There are so many Homes springing up who are more concerned about keeping children (often to attract foreign funds) without any proper coordination or statutory compliance with the state mechanism resulting in so many missing children who otherwise could have been reconciled to their families end up staying in institutions against their will. On the other hand the NGO’s also need to protect the child and determine their safety if sent back in conjunction with the Child Welfare Committees (CWC). Institutional care should be transitional in nature for children unless of course they are orphans or have unsafe home surroundings. Even in those cases, Kinship Care and Foster Care should be given priority. Reintegration of a child back to the family should be a priority of NGO run Homes.

With the directive from the Center, if other states also take this issue on priority then it will be easy to get these children back to their parents. In that case we will have more enriched national data bank and greater coordination among police forces and NGO’s. The harsh reality is this that National Crime Record Bureau (NCRB), National Commission for Protection of Child Rights (NCPCR) and other agencies related to child rights even don't have complete data regarding missing children. Despite the Supreme Courts tough stand and Kailash Satyarthi getting the Nobel for peace, missing children are lesser priority for police.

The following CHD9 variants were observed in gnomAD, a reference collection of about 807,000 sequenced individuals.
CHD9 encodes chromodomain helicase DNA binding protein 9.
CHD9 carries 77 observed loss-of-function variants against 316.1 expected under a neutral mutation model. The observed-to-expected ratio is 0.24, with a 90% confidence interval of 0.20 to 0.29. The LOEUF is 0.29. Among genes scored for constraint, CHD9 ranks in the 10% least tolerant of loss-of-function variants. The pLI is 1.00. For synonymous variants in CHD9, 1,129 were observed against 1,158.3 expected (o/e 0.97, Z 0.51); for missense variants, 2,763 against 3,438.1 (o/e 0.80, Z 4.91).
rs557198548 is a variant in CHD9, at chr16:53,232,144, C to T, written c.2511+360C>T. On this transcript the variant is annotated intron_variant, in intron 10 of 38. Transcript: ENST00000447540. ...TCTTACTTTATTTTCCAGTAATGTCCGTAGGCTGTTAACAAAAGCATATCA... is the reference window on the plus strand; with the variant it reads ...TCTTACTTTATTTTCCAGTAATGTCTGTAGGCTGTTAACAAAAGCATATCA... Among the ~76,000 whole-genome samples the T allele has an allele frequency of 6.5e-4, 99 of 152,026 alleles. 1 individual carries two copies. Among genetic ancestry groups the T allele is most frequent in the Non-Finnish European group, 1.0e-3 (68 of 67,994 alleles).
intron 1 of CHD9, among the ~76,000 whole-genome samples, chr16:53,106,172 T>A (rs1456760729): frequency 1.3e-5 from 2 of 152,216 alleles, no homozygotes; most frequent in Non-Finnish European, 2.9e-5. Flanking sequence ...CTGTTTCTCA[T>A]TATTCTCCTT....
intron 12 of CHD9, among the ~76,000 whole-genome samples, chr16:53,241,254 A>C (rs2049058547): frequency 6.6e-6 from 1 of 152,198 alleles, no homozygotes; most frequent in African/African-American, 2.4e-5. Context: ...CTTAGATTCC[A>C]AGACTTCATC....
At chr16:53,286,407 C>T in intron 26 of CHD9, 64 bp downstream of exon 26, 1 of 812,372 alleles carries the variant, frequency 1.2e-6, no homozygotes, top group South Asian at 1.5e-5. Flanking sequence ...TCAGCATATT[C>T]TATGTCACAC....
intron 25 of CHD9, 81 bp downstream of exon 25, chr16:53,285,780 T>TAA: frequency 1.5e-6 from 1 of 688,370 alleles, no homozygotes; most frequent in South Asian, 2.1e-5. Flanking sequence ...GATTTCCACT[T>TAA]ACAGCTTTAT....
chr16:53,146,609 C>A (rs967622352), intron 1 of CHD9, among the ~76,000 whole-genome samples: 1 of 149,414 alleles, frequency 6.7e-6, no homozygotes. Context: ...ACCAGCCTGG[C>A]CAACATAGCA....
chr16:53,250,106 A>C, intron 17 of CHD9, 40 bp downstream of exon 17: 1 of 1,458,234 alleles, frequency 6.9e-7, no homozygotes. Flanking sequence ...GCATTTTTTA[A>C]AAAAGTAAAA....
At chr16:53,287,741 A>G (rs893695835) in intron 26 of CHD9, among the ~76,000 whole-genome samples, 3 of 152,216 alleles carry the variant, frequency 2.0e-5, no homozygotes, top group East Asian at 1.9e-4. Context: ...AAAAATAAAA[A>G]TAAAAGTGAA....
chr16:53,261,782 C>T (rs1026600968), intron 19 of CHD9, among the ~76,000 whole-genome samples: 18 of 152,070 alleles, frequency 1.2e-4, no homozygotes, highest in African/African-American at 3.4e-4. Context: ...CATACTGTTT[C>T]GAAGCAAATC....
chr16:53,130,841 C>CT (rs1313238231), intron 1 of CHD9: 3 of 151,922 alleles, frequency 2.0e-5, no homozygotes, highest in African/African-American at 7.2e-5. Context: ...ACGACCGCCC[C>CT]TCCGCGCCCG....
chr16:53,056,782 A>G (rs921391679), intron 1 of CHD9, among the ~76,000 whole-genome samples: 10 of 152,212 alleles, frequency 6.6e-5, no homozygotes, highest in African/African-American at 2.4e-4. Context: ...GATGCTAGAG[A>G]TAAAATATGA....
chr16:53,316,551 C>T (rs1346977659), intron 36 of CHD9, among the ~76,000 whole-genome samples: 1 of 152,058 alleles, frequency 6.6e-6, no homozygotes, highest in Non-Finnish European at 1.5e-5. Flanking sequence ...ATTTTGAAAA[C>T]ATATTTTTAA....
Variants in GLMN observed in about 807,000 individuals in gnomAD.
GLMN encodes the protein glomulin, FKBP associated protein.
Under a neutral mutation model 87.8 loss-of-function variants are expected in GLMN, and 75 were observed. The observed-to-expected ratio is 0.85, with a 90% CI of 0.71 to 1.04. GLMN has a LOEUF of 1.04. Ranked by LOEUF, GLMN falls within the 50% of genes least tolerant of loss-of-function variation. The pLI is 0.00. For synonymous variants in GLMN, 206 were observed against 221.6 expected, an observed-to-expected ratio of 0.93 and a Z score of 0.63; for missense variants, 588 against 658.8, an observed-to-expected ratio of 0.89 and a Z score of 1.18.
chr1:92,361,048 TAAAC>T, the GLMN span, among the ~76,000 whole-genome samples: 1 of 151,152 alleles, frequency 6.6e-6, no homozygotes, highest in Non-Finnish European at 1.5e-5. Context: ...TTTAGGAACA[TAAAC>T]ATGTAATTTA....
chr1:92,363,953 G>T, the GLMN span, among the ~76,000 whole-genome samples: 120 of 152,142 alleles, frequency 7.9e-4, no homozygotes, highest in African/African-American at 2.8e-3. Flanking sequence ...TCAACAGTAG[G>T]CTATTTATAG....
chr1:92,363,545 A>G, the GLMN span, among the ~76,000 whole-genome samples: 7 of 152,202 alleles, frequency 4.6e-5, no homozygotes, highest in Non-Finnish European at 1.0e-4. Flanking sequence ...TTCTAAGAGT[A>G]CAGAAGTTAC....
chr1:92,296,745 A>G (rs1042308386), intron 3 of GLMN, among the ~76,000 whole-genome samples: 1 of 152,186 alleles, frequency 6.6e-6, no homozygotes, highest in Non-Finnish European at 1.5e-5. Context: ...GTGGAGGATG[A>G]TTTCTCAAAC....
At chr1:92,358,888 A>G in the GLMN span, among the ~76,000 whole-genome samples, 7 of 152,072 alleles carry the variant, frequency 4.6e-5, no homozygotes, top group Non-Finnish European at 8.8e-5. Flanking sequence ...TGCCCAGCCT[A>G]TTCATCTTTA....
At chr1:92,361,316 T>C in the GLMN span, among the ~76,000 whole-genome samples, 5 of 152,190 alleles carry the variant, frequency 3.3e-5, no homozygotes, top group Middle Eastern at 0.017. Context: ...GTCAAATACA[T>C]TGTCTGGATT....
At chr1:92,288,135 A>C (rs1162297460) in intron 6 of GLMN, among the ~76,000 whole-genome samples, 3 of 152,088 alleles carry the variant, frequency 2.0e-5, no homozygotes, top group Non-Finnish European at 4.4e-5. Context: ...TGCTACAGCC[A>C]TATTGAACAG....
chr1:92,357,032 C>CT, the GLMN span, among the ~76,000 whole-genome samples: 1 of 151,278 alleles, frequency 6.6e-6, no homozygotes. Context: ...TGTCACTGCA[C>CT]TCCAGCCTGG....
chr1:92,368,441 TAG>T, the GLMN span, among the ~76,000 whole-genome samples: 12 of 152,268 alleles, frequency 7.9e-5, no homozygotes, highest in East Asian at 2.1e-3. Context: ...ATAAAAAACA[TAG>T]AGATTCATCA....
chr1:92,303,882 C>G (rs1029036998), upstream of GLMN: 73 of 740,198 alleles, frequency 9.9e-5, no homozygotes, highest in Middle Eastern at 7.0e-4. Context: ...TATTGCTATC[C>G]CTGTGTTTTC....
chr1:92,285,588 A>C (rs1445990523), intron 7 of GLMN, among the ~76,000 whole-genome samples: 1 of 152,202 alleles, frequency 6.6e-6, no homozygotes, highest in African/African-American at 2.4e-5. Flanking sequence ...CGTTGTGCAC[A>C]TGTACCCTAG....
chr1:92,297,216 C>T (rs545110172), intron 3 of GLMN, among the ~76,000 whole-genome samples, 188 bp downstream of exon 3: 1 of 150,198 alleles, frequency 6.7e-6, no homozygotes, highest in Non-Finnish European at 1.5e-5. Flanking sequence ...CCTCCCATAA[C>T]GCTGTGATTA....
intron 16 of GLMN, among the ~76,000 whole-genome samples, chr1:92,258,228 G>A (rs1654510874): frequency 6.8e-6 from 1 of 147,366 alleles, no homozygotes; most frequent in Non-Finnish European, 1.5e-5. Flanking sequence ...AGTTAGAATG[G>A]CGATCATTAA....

Ghaziabad Police changed its priority for just one month and more then 200 families got a smile on their face, which was lost forever. Can other districts in all of our states replicate the same process as there is a successful precedent and the same technology available?